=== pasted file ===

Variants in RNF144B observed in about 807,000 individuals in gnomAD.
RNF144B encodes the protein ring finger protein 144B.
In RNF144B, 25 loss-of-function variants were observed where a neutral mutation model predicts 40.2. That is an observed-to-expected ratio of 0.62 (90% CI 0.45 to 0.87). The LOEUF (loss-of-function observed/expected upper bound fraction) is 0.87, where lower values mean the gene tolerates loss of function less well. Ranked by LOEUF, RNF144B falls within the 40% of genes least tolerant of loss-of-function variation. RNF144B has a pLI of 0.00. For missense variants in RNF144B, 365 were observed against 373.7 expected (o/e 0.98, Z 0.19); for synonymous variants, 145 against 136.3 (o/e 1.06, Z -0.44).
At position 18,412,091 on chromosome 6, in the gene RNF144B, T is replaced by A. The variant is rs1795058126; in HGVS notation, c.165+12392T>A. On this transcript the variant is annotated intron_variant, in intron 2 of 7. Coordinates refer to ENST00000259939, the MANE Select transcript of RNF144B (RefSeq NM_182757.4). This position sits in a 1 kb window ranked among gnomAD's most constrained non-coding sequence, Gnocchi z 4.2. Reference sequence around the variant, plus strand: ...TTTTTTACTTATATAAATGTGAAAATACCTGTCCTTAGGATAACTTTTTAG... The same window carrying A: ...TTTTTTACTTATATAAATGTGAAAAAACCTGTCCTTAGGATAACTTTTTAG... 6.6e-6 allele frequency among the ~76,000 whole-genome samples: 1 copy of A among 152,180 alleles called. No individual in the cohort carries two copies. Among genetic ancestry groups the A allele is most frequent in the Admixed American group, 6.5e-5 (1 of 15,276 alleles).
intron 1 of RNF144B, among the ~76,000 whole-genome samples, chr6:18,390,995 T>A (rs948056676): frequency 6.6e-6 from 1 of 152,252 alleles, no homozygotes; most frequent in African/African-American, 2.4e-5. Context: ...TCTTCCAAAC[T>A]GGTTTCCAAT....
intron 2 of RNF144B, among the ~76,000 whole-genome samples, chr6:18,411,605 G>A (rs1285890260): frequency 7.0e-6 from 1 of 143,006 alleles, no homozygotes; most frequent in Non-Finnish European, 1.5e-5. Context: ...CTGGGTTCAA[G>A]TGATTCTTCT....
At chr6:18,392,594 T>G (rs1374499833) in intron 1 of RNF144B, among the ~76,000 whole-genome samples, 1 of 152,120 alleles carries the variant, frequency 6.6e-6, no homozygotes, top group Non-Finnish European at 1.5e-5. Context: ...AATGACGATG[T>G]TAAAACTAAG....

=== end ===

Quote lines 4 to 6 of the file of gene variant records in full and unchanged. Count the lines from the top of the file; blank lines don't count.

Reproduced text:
At position 18,412,091 on chromosome 6, in the gene RNF144B, T is replaced by A. The variant is rs1795058126; in HGVS notation, c.165+12392T>A. On this transcript the variant is annotated intron_variant, in intron 2 of 7. Coordinates refer to ENST00000259939, the MANE Select transcript of RNF144B (RefSeq NM_182757.4). This position sits in a 1 kb window ranked among gnomAD's most constrained non-coding sequence, Gnocchi z 4.2. Reference sequence around the variant, plus strand: ...TTTTTTACTTATATAAATGTGAAAATACCTGTCCTTAGGATAACTTTTTAG... The same window carrying A: ...TTTTTTACTTATATAAATGTGAAAAAACCTGTCCTTAGGATAACTTTTTAG... 6.6e-6 allele frequency among the ~76,000 whole-genome samples: 1 copy of A among 152,180 alleles called. No individual in the cohort carries two copies. Among genetic ancestry groups the A allele is most frequent in the Admixed American group, 6.5e-5 (1 of 15,276 alleles).
intron 1 of RNF144B, among the ~76,000 whole-genome samples, chr6:18,390,995 T>A (rs948056676): frequency 6.6e-6 from 1 of 152,252 alleles, no homozygotes; most frequent in African/African-American, 2.4e-5. Context: ...TCTTCCAAAC[T>A]GGTTTCCAAT....
intron 2 of RNF144B, among the ~76,000 whole-genome samples, chr6:18,411,605 G>A (rs1285890260): frequency 7.0e-6 from 1 of 143,006 alleles, no homozygotes; most frequent in Non-Finnish European, 1.5e-5. Context: ...CTGGGTTCAA[G>A]TGATTCTTCT....